# Finding what a line does under the function $\mathbf f:\mathbf R^2\rightarrow\mathbf R^3,\mathbf f(x,y)=(x+2y,x-2y)$

Let $$\mathbf f:\mathbf R^2\rightarrow\mathbf R^2,\mathbf f(x,y)=(x+2y,x-2y)$$. I'm trying to estimate the area of a rectangle under $$\mathbf f$$ with the points $$P_1(1,1),\ P_2(1+\Delta x,1), \ P_3(1+\Delta x,1+\Delta y),\ P_4(1,1+\Delta y)$$ However, I first have to sketch what the rectangle looks like under $$\mathbf f$$. I found what the image of the points would be with $$Q_i=\mathbf f(P_i)$$: $$Q_1(3,-1),\ Q_2(3+\Delta x,\Delta x-1), \ Q_3(3+\Delta x+2\Delta y,\Delta x-2\Delta y-1),\ Q_4(3+2\Delta y,-1-2\Delta y)$$ My question is how do I find what the lines connecting the points look like under this function. Specifically, how do I find the equations of them?

• Yes, sorry that was just a typo – joseph Apr 19 at 3:03

## 2 Answers

It appears you are asking what is the image of a straight line $$Ax+By+C=0$$ under the transformation $$f(x,y)=(x+2y,x-2y)$$.

Simplify $$A(x+2y)+B(x-2y)+C=0$$ and you will have your answer.

Then you will see that image of a rectangle under the transformation must be a quadrilateral.

Then take a look at the dot-product of pairs of intersecting sides of the transformed rectangle, for example, $$(Q_2-Q_1)\cdot(Q_3-Q_2)$$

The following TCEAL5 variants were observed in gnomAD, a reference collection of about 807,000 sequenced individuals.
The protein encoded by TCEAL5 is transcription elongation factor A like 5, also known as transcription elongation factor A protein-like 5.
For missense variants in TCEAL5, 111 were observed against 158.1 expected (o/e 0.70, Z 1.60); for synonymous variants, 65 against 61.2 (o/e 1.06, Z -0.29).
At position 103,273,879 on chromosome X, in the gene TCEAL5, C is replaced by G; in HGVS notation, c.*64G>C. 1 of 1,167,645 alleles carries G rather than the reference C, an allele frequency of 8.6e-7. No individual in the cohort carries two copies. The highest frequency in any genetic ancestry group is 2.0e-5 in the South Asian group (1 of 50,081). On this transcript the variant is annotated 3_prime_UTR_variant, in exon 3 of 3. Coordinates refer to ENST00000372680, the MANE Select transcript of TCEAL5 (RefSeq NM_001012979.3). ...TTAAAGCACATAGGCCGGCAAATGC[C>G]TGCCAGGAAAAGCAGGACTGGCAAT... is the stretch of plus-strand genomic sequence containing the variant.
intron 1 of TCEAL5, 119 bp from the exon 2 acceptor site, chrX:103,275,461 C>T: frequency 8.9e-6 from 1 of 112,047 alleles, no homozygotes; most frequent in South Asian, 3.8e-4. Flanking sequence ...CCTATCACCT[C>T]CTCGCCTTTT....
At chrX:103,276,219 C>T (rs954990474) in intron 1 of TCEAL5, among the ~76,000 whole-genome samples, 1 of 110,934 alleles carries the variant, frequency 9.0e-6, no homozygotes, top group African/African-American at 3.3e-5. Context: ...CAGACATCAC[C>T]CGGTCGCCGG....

$$\begin{eqnarray} (Q_2-Q_1)\cdot(Q_3-Q_2)&=&(\Delta x,\Delta x)\cdot(2\Delta y,-2\Delta y)\\ &=&0 \end{eqnarray}$$

The intersecting sides will intersect at right angles. So the transformed rectangle is a rectangle.

Let $$\omega$$ be a parametrization of the boundary of the rectangle $$[a,b]\times[c,d]$$.

It is piecewise linear. Grab one of its pieces, say $$\omega_1(t)=(t,c)$$ as $$t$$ ranges from $$a$$ to $$b$$.

The image of $$\omega_1$$ under $$f$$ is the image of $$f(\omega_1(t))=(t+2c,t-2c)=(t,t)+(2c,-2c)$$, which has an equation of $$y=x-4c$$ as $$x$$ ranges from $$a+2c$$ to $$b+2c$$. You can get an idea for what that looks like. Similarly, you can find that\begin{align}x-y&=4c,\\x-y&=4d,\\x+y&=2a,\text{ and}\\x+y&=2b\end{align}are the equations of the four lines.

Note that the absolute value of the determinant of the Jacobian matrix of $$(x,y)\mapsto(x-y,x+y)$$ is $$2$$. That is the constant of proportionality of how an infinitesimal unit of area in the plane changes under this map. Therefore, the area of $$[a,b]\times[c,d]$$ under $$f$$ is$$\int_{4c}^{4d}\int_{2a}^{2b}2\,\text{d}u\,\text{d}v=16(d-c)(b-a).$$

• How is the absolute value of the determinant of the Jacobian Matrix $2$? Wouldn't it be $(1)(-2)-(2)(1)=-4$ so the absolute value is $4$? – joseph Apr 19 at 20:45
• Oh I see you had the equations wrong but I understand what you did... thank you for the help – joseph Apr 19 at 20:46